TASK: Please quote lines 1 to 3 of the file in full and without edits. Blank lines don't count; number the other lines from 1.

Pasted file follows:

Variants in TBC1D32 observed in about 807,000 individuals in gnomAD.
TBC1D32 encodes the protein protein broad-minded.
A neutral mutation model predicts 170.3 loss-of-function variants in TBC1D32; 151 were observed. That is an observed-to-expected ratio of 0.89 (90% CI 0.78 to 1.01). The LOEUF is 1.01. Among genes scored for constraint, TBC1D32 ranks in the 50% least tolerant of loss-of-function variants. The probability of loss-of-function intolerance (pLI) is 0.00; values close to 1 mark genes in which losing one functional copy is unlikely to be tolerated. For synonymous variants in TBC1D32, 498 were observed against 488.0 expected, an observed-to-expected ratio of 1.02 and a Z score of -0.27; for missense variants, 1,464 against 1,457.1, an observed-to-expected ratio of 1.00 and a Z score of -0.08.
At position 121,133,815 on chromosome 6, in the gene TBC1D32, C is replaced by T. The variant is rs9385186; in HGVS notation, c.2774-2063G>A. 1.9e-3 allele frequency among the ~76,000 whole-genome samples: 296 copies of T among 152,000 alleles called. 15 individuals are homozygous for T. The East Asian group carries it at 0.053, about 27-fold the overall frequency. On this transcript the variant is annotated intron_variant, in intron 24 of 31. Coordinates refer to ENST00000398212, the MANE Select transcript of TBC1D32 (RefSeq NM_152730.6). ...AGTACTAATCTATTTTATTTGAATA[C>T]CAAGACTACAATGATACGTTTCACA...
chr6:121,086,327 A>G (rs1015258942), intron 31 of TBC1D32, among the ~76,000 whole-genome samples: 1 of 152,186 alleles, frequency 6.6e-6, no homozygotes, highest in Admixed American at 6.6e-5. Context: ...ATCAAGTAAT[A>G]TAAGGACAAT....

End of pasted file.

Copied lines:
Variants in TBC1D32 observed in about 807,000 individuals in gnomAD.
TBC1D32 encodes the protein protein broad-minded.
A neutral mutation model predicts 170.3 loss-of-function variants in TBC1D32; 151 were observed. That is an observed-to-expected ratio of 0.89 (90% CI 0.78 to 1.01). The LOEUF is 1.01. Among genes scored for constraint, TBC1D32 ranks in the 50% least tolerant of loss-of-function variants. The probability of loss-of-function intolerance (pLI) is 0.00; values close to 1 mark genes in which losing one functional copy is unlikely to be tolerated. For synonymous variants in TBC1D32, 498 were observed against 488.0 expected, an observed-to-expected ratio of 1.02 and a Z score of -0.27; for missense variants, 1,464 against 1,457.1, an observed-to-expected ratio of 1.00 and a Z score of -0.08.